Classic DACB Collection

All articles created or submitted in the first twenty years of the project, from 1995 to 2015.

Taylor, John Christopher (E)

Anglican Communion (Church Missionary Society)

** Introduction**

The first missionary incursion into the west coast of Africa was pioneered by the Portuguese in the fifteenth century, and the popular prince of Portugal, known in history as “Henry the Navigator” was the principal initiator. However, the endeavor did not record much success, since its fruit did not endure due to certain factors. The second endeavor, which was initiated in the eighteenth century, was more of a success than the first and led to the planting of enduring Christianity in many countries of West Africa, of which Nigeria is a part. Two interwoven events contributed immensely to the success of this second endeavor: the evangelical Great Awakening of the 18th century, and the abolition of the slave trade.

The Great Awakening was a spiritual revival in church life that started in America, but soon spread to England and Germany, having a profound impact on both sides of the Atlantic. The spiritual life of the church was quickened by it, and a new impetus was given to the missionary enterprise. [1] Christians in America and Europe became concerned about the salvation and the needs of people in other parts of the world. The desire to reach out to other people with the gospel led to the founding of missionary societies, through whose efforts Christianity was reintroduced into West Africa in general, and Nigeria in particular.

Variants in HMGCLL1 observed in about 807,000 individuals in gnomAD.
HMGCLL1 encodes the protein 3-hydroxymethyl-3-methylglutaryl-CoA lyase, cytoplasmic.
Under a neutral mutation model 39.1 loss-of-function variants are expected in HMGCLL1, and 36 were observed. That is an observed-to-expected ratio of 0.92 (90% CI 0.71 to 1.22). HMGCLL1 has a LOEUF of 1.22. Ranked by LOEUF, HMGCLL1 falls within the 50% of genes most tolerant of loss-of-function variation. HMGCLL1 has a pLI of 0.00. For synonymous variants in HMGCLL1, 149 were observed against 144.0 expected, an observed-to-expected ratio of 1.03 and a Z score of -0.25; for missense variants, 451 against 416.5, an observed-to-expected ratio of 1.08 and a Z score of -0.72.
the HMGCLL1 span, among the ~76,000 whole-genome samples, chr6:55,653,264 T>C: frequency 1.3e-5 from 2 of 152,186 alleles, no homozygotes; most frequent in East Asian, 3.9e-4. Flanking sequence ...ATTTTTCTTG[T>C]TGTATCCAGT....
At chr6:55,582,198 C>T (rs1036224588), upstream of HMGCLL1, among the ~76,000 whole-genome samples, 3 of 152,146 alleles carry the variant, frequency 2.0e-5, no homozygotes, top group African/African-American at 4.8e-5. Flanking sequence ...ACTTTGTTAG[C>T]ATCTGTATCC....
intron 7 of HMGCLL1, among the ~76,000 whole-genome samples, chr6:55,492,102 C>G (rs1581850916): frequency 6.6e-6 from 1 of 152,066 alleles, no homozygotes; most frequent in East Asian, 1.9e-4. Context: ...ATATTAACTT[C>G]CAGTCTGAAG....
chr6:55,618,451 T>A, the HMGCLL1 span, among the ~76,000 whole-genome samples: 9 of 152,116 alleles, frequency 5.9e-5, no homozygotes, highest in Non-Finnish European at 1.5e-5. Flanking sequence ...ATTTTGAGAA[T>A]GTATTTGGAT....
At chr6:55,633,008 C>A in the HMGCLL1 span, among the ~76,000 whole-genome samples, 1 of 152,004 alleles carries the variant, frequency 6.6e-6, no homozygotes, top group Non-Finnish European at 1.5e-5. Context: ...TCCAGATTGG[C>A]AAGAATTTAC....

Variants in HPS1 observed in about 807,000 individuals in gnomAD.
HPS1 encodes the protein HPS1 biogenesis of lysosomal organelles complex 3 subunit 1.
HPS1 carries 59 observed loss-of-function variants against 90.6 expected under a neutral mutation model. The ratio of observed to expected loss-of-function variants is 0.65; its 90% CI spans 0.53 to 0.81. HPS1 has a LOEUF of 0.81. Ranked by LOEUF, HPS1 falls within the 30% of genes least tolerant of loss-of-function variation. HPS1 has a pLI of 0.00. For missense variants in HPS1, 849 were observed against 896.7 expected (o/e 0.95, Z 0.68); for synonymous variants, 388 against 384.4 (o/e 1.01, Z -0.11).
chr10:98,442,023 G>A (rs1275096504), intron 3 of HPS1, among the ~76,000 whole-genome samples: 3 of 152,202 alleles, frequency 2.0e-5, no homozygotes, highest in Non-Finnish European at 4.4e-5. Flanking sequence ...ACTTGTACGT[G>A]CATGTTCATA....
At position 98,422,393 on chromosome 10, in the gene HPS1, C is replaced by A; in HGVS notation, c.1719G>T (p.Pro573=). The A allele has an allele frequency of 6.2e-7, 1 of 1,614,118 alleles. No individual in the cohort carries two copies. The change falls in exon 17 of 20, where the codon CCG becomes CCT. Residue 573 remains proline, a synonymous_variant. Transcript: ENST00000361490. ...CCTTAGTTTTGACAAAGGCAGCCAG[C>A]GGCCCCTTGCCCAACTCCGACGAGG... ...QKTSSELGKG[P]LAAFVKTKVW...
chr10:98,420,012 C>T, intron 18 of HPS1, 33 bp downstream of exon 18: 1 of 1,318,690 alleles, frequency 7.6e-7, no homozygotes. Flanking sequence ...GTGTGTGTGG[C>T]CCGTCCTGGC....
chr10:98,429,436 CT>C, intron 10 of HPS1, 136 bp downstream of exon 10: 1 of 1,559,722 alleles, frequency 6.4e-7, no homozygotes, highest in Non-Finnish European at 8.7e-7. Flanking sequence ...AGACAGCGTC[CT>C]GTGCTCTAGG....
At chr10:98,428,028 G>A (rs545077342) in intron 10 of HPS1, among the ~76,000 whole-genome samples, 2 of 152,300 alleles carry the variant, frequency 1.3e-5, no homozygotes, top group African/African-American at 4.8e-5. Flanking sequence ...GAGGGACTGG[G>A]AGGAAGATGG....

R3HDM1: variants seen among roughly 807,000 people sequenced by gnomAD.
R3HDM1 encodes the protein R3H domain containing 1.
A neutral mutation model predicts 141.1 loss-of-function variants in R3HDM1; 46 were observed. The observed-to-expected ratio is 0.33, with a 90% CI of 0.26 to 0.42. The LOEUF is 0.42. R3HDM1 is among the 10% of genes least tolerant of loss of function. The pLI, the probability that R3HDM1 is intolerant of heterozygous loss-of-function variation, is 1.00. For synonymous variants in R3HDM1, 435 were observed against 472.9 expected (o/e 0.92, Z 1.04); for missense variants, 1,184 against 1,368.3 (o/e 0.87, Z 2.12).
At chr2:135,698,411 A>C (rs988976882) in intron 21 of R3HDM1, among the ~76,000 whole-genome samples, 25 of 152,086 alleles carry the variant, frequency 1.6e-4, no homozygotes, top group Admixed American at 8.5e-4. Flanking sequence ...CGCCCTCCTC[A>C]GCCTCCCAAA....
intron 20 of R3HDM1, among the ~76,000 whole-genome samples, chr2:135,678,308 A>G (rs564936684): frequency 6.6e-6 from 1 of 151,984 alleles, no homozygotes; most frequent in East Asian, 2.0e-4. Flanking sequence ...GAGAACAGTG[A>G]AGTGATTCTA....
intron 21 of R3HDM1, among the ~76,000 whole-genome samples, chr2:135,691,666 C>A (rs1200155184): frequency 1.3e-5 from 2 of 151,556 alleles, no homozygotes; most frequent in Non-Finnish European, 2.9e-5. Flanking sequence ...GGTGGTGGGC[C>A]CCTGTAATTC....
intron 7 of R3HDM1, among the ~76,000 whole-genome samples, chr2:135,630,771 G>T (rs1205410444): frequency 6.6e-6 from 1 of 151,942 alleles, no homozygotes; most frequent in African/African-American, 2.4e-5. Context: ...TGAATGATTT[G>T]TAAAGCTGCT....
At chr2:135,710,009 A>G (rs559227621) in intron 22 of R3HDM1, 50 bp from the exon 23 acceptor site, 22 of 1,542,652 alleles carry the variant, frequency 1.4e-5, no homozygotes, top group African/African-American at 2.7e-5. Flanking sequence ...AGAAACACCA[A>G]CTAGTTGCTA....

The social fabric of the nations was also touched by the revival as it brought about a great change in the lives of many Englishmen and Americans, as the converts became men and women of integrity. These people were no longer selfish and interested only in themselves, but rather began to show concern for the under-privileged. This was demonstrated in several ways, and many of these people developed strong feelings against the slave trade [2] and worked seriously to put an end to it. The anti-slavery posture of the revival eventually led to the abolition of the slave trade and to the liberation of many slaves. The Sierra Leone settlement was also founded and freed slaves settled there. Many of these freed slaves were already Christians and more converts were made from among the former captives. This army of ex-slaves subsequently became the voice of the gospel as they returned to their various home countries to spread the Christian gospel. In fact, some of their number became prominent ministers of the church. Nigeria had her own share of these prominent churchmen, and one of them was John Christopher Taylor.

Life and times of John Christopher Taylor